When I read the letters to my students the next day, a number of students cried over their own letter, but his was the only one I’ve ever read that made someone other than the person it belonged to cry. I had warned him that his letter had made me cry, but he let me read it anyway (and I cried again, as did many others in the class.) When other classes came in later in the day, I heard the same statement, “I heard you’re going to make us cry.” I explained that some students do and others don’t, and that more people had cried in the previous class because I had when I was reading someone’s. They immediately guessed the student, so word had gotten out (as things do in a small school.) A student asked me, “Why did you cry over (student’s name)?” The answer I gave surprised even me. I said, “I don’t know. Maybe because no one else ever has.” The truth of that hit me like a ton of bricks. If even part of the stories I’ve pieced together about this student are true, his dad has never cried, his mom can’t stand him, and his siblings beat him up. So, in all likelihood, no one has ever looked at his life and loved him enough to cry for the things he’s suffered and the wrongs that he’s experienced. No one has watched him make bad choices and grieved for him. Whatever way he’s made, he’s made most of it himself. To me, that’s not how it should be. Somewhere along the way, I had gotten a huge heart for this kid without realizing it until I started typing.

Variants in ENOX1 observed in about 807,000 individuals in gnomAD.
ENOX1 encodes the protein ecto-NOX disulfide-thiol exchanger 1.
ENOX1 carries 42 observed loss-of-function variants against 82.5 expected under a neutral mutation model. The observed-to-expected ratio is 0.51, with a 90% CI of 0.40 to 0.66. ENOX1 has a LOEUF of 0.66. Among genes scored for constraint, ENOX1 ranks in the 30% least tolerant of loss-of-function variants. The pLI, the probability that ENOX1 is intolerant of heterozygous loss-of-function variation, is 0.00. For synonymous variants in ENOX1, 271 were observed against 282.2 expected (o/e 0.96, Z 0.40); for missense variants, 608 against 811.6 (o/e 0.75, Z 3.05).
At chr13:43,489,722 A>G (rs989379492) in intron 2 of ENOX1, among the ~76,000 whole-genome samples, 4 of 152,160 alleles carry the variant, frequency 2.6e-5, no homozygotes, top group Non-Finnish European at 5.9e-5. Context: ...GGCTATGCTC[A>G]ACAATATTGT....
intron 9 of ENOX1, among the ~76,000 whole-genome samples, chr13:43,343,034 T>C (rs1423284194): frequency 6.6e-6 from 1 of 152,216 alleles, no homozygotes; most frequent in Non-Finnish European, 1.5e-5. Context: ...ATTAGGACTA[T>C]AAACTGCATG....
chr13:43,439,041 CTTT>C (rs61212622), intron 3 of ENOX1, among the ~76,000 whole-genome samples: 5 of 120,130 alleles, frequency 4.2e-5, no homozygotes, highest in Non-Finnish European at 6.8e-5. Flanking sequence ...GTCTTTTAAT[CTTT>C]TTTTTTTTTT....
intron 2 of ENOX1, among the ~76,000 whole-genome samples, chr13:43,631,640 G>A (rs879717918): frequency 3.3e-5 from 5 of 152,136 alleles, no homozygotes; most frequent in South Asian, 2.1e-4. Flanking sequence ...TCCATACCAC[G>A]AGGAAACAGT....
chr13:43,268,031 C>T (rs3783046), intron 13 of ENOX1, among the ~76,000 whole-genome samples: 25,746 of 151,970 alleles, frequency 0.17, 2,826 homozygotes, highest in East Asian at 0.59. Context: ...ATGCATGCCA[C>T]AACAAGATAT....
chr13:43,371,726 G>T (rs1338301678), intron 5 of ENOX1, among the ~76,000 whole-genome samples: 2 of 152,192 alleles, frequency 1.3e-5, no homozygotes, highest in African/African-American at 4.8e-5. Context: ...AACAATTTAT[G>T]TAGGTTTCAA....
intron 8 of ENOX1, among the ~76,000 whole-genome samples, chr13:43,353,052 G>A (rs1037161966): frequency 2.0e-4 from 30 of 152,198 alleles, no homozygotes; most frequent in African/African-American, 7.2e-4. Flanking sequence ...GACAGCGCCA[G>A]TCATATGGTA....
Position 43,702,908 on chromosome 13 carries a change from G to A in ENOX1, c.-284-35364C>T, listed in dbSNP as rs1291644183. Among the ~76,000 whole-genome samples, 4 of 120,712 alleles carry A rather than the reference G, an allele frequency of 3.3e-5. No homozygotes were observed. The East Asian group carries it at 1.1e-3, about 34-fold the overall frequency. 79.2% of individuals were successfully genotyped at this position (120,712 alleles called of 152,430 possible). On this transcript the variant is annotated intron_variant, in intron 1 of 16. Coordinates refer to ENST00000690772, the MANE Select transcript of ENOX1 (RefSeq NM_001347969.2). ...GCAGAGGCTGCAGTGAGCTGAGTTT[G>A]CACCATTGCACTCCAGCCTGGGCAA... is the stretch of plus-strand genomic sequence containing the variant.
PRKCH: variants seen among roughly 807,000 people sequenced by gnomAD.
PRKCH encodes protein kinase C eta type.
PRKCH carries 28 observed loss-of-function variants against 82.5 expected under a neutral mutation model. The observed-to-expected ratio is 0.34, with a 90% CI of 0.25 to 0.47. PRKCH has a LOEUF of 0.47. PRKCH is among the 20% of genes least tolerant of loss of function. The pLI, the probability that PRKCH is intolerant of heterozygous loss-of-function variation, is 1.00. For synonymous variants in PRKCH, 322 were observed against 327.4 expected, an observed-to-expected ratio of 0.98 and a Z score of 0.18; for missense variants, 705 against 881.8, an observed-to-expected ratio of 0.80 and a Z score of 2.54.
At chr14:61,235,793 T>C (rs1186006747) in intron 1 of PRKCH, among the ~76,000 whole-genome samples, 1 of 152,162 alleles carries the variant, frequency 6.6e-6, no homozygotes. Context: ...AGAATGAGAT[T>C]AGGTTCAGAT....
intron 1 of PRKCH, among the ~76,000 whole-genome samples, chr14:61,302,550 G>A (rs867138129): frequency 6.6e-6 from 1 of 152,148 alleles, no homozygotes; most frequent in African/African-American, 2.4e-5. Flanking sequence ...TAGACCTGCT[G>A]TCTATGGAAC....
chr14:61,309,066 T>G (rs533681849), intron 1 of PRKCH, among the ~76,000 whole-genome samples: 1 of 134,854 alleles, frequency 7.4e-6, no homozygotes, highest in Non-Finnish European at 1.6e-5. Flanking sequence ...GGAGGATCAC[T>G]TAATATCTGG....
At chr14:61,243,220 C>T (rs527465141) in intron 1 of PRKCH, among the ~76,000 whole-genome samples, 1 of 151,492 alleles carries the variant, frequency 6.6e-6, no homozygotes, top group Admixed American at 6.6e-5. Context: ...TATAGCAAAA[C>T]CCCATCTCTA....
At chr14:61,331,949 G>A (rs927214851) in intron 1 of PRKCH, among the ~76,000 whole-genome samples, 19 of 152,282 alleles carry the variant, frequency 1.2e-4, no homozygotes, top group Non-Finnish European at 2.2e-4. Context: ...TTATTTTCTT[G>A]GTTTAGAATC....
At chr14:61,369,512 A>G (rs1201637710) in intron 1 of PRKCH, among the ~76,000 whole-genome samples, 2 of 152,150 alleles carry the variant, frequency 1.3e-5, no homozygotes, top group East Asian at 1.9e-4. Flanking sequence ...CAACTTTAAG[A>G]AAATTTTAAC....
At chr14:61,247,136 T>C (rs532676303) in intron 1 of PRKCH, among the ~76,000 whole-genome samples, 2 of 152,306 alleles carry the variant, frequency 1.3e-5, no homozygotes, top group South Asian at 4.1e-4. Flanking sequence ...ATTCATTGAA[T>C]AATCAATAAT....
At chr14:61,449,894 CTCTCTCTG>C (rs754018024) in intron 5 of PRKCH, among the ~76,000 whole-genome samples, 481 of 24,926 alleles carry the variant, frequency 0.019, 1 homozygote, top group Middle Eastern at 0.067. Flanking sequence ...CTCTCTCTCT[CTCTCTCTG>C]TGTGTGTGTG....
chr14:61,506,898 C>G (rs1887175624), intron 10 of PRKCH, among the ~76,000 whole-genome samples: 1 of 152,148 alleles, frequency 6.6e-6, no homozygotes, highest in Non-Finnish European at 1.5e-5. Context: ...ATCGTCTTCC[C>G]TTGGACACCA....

As I gear up for a new year, I know some of the kids I will have are students that have caused a lot of problems for other teachers. I already know them by reputation or discipline reports, or from having to write them up in the hallway. And yet, if I keep in mind this situation from last year, I will remember that this kid was a student who had gotten in trouble, and who, from the exterior, made others assume he was trouble, and yet, I had seen a side of him no one else had. If I approach each student (remembering that looks can be deceiving), searching for that chink in the armor that will let me see what’s really going on with them–if I look beyond the external to the heart of a child, I will have no problem loving each one. And when a child knows you care, it’s amazing what kind of a year you can have!